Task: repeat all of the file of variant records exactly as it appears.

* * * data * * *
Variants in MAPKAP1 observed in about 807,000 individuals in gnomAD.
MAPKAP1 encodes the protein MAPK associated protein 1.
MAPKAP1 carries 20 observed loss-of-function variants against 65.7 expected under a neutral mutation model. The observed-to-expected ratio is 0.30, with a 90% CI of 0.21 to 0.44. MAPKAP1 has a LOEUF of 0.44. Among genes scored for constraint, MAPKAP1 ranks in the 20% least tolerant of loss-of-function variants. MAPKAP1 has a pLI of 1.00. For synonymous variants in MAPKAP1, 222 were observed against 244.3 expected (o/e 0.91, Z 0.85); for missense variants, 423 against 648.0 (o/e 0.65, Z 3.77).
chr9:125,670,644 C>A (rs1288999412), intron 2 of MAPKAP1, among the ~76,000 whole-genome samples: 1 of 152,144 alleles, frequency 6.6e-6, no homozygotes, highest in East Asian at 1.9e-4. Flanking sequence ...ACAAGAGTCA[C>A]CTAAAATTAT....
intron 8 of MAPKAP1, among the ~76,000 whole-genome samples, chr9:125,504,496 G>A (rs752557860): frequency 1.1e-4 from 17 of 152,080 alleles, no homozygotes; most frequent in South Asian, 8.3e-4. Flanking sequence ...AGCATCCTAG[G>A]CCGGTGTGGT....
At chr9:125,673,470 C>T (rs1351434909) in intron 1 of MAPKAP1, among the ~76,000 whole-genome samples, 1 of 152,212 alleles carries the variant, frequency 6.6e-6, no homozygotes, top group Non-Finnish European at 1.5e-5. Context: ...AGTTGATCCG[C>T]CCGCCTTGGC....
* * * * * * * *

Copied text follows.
Variants in MAPKAP1 observed in about 807,000 individuals in gnomAD.
MAPKAP1 encodes the protein MAPK associated protein 1.
MAPKAP1 carries 20 observed loss-of-function variants against 65.7 expected under a neutral mutation model. The observed-to-expected ratio is 0.30, with a 90% CI of 0.21 to 0.44. MAPKAP1 has a LOEUF of 0.44. Among genes scored for constraint, MAPKAP1 ranks in the 20% least tolerant of loss-of-function variants. MAPKAP1 has a pLI of 1.00. For synonymous variants in MAPKAP1, 222 were observed against 244.3 expected (o/e 0.91, Z 0.85); for missense variants, 423 against 648.0 (o/e 0.65, Z 3.77).
chr9:125,670,644 C>A (rs1288999412), intron 2 of MAPKAP1, among the ~76,000 whole-genome samples: 1 of 152,144 alleles, frequency 6.6e-6, no homozygotes, highest in East Asian at 1.9e-4. Flanking sequence ...ACAAGAGTCA[C>A]CTAAAATTAT....
intron 8 of MAPKAP1, among the ~76,000 whole-genome samples, chr9:125,504,496 G>A (rs752557860): frequency 1.1e-4 from 17 of 152,080 alleles, no homozygotes; most frequent in South Asian, 8.3e-4. Flanking sequence ...AGCATCCTAG[G>A]CCGGTGTGGT....
At chr9:125,673,470 C>T (rs1351434909) in intron 1 of MAPKAP1, among the ~76,000 whole-genome samples, 1 of 152,212 alleles carries the variant, frequency 6.6e-6, no homozygotes, top group Non-Finnish European at 1.5e-5. Context: ...AGTTGATCCG[C>T]CCGCCTTGGC....